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Proc Natl Acad Sci U S A. 1999 Jul 20;96(15):8657-62.

Long-term regulated expression of growth hormone in mice after intramuscular gene transfer.

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ARIAD Pharmaceuticals, 26 Landsdowne Street, Cambridge, MA 02139, USA.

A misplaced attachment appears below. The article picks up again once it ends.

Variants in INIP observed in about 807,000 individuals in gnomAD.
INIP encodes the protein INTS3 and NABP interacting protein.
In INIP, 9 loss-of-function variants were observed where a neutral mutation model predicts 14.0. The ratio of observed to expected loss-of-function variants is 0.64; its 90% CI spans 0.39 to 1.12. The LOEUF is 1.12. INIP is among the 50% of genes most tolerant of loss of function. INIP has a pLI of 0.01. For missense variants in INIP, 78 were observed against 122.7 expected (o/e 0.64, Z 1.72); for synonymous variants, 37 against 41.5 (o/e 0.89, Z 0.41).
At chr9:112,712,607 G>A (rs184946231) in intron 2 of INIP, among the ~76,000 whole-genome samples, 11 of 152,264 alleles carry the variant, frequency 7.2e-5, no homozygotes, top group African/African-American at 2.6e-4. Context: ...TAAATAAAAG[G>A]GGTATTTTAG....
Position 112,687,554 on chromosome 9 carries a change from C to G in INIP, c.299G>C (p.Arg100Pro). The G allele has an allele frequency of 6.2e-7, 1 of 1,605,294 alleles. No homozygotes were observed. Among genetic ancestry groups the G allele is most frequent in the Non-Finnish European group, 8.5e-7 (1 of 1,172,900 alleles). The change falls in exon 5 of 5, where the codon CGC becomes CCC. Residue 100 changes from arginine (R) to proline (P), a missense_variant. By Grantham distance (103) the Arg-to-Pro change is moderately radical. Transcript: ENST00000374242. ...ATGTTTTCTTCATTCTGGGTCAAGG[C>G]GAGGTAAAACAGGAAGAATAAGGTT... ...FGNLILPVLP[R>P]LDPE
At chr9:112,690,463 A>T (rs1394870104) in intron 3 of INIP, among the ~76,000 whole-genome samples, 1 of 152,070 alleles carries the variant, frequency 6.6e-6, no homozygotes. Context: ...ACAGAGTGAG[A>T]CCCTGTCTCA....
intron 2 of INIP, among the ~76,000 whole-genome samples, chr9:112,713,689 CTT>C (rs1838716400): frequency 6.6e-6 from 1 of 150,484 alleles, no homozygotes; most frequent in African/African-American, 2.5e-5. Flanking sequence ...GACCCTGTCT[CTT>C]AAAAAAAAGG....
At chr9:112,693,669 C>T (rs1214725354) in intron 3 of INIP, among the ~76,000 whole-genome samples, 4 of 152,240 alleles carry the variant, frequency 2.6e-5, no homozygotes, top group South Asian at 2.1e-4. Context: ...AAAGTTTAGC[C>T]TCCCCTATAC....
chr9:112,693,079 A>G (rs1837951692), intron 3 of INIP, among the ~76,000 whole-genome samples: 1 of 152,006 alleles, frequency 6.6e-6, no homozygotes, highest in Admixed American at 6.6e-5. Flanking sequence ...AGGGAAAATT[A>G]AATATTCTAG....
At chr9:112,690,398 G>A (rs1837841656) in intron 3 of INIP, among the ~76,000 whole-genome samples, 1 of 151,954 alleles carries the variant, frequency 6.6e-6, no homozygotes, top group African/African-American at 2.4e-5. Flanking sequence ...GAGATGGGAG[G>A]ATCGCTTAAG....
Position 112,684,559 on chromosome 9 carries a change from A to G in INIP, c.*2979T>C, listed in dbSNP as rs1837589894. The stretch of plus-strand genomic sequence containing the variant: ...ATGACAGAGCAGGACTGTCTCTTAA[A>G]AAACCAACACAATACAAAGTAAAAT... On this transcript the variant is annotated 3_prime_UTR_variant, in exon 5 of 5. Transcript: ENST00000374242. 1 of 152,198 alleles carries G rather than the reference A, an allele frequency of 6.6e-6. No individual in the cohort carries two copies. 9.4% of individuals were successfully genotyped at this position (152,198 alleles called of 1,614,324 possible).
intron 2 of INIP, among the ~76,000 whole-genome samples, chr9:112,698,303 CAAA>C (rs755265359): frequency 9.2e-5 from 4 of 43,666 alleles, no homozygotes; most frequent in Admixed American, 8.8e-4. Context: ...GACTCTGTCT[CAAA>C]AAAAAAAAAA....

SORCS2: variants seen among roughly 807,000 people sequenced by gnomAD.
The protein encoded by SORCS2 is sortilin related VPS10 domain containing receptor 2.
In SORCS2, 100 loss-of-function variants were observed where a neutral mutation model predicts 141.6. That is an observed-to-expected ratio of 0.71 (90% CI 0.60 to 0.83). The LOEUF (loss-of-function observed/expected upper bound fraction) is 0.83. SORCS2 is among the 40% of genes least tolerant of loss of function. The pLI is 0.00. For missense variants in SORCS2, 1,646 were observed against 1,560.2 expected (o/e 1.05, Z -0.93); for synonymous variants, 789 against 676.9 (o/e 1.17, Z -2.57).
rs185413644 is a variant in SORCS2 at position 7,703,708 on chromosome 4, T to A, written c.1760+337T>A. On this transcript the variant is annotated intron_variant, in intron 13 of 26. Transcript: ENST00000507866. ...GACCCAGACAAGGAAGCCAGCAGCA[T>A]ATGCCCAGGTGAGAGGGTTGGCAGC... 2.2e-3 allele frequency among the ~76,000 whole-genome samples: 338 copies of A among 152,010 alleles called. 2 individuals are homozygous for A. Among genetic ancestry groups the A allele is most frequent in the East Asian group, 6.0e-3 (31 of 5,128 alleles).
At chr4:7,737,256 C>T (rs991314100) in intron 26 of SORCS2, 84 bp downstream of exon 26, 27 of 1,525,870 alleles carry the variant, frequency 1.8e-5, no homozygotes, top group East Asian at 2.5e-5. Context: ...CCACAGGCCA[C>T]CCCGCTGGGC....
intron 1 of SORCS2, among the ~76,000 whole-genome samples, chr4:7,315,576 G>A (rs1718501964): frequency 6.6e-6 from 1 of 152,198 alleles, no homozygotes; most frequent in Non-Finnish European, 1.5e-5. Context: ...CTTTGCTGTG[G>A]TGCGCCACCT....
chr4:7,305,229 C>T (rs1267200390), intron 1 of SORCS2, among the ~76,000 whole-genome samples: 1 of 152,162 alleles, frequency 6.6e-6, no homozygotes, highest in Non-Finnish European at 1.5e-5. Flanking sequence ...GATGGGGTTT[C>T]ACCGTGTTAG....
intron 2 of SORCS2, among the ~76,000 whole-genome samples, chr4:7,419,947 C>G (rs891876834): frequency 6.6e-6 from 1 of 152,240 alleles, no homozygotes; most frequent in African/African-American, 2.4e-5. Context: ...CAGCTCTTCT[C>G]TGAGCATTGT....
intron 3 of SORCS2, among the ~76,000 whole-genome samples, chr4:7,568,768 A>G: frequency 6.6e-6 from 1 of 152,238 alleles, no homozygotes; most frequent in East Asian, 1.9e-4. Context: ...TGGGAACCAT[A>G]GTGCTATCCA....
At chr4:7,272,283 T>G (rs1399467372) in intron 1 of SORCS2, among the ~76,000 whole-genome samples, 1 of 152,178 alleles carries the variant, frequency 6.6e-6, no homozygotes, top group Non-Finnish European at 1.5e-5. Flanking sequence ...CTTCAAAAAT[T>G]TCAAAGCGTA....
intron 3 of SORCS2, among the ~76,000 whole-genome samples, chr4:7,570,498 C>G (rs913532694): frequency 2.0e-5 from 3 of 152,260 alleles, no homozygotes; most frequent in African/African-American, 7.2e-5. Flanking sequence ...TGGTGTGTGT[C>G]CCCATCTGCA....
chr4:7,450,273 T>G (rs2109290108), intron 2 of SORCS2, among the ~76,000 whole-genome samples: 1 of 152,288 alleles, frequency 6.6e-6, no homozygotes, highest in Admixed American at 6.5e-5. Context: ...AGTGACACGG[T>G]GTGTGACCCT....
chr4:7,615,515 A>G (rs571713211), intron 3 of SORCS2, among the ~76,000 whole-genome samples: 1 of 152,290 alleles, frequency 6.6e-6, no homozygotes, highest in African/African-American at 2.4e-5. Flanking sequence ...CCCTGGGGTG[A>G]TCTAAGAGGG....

Effective delivery of secreted proteins by gene therapy will require a vector that directs stable delivery of a transgene and a regulatory system that permits pharmacologic control over the level and kinetics of therapeutic protein expression. We previously described a regulatory system that enables transcription of a target gene to be controlled by rapamycin, an orally bioavailable drug. Here we demonstrate in vivo regulation of gene expression after intramuscular injection of two separate adenovirus or adeno-associated virus (AAV) vectors, one encoding an inducible human growth hormone (hGH) target gene, and the other a bipartite rapamycin-regulated transcription factor. Upon delivery of either vector system into immunodeficient mice, basal plasma hGH expression was undetectable and was induced to high levels after administration of rapamycin. The precise level and duration of hGH expression could be controlled by the rapamycin dosing regimen. Equivalent profiles of induction were observed after repeated administration of single doses of rapamycin over many months. AAV conferred stable expression of regulated hGH in both immunocompetent and immunodeficient mice, whereas adenovirus-directed hGH expression quickly extinguished in immunocompetent animals. These studies demonstrate that the rapamycin-based regulatory system, delivered intramuscularly by AAV, fulfills many of the conditions necessary for the safe and effective delivery of therapeutic proteins by gene therapy.

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